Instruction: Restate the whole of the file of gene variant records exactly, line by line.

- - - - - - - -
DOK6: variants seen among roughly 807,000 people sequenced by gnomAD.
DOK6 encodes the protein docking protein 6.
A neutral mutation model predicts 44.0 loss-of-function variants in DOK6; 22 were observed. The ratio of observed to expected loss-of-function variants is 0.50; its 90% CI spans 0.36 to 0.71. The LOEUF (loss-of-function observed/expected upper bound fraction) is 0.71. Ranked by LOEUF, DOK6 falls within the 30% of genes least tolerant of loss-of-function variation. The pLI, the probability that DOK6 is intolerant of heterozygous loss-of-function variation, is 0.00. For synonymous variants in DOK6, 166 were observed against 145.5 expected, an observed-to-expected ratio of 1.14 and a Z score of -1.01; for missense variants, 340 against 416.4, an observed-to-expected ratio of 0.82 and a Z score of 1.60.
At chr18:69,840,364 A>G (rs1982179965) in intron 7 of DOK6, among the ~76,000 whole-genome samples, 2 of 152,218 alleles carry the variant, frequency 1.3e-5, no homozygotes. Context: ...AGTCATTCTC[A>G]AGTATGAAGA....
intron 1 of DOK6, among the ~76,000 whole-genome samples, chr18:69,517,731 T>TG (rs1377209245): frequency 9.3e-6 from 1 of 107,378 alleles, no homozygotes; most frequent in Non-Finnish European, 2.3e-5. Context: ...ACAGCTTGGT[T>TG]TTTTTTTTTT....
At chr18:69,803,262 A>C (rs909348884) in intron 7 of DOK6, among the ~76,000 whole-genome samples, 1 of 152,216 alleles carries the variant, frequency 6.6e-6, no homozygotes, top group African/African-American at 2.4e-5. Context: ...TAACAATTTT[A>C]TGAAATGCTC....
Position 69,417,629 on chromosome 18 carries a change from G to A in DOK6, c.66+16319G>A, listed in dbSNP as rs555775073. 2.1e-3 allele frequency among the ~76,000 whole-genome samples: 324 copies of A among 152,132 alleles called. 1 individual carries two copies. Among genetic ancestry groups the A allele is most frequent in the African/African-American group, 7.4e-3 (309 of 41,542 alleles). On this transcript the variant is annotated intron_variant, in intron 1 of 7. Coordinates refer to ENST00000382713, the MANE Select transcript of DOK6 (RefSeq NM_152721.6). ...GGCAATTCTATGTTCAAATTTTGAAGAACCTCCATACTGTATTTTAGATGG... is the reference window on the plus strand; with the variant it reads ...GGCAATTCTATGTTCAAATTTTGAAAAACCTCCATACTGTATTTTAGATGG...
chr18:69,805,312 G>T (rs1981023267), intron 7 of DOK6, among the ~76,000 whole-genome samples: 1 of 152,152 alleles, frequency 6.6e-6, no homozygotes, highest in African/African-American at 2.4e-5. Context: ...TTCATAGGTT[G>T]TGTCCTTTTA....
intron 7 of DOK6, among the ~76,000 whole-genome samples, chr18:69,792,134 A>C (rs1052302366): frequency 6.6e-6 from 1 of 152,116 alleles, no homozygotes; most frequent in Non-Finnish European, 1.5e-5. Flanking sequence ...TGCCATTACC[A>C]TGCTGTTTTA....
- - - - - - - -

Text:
DOK6: variants seen among roughly 807,000 people sequenced by gnomAD.
DOK6 encodes the protein docking protein 6.
A neutral mutation model predicts 44.0 loss-of-function variants in DOK6; 22 were observed. The ratio of observed to expected loss-of-function variants is 0.50; its 90% CI spans 0.36 to 0.71. The LOEUF (loss-of-function observed/expected upper bound fraction) is 0.71. Ranked by LOEUF, DOK6 falls within the 30% of genes least tolerant of loss-of-function variation. The pLI, the probability that DOK6 is intolerant of heterozygous loss-of-function variation, is 0.00. For synonymous variants in DOK6, 166 were observed against 145.5 expected, an observed-to-expected ratio of 1.14 and a Z score of -1.01; for missense variants, 340 against 416.4, an observed-to-expected ratio of 0.82 and a Z score of 1.60.
At chr18:69,840,364 A>G (rs1982179965) in intron 7 of DOK6, among the ~76,000 whole-genome samples, 2 of 152,218 alleles carry the variant, frequency 1.3e-5, no homozygotes. Context: ...AGTCATTCTC[A>G]AGTATGAAGA....
intron 1 of DOK6, among the ~76,000 whole-genome samples, chr18:69,517,731 T>TG (rs1377209245): frequency 9.3e-6 from 1 of 107,378 alleles, no homozygotes; most frequent in Non-Finnish European, 2.3e-5. Context: ...ACAGCTTGGT[T>TG]TTTTTTTTTT....
At chr18:69,803,262 A>C (rs909348884) in intron 7 of DOK6, among the ~76,000 whole-genome samples, 1 of 152,216 alleles carries the variant, frequency 6.6e-6, no homozygotes, top group African/African-American at 2.4e-5. Context: ...TAACAATTTT[A>C]TGAAATGCTC....
Position 69,417,629 on chromosome 18 carries a change from G to A in DOK6, c.66+16319G>A, listed in dbSNP as rs555775073. 2.1e-3 allele frequency among the ~76,000 whole-genome samples: 324 copies of A among 152,132 alleles called. 1 individual carries two copies. Among genetic ancestry groups the A allele is most frequent in the African/African-American group, 7.4e-3 (309 of 41,542 alleles). On this transcript the variant is annotated intron_variant, in intron 1 of 7. Coordinates refer to ENST00000382713, the MANE Select transcript of DOK6 (RefSeq NM_152721.6). ...GGCAATTCTATGTTCAAATTTTGAAGAACCTCCATACTGTATTTTAGATGG... is the reference window on the plus strand; with the variant it reads ...GGCAATTCTATGTTCAAATTTTGAAAAACCTCCATACTGTATTTTAGATGG...
chr18:69,805,312 G>T (rs1981023267), intron 7 of DOK6, among the ~76,000 whole-genome samples: 1 of 152,152 alleles, frequency 6.6e-6, no homozygotes, highest in African/African-American at 2.4e-5. Context: ...TTCATAGGTT[G>T]TGTCCTTTTA....
intron 7 of DOK6, among the ~76,000 whole-genome samples, chr18:69,792,134 A>C (rs1052302366): frequency 6.6e-6 from 1 of 152,116 alleles, no homozygotes; most frequent in Non-Finnish European, 1.5e-5. Flanking sequence ...TGCCATTACC[A>C]TGCTGTTTTA....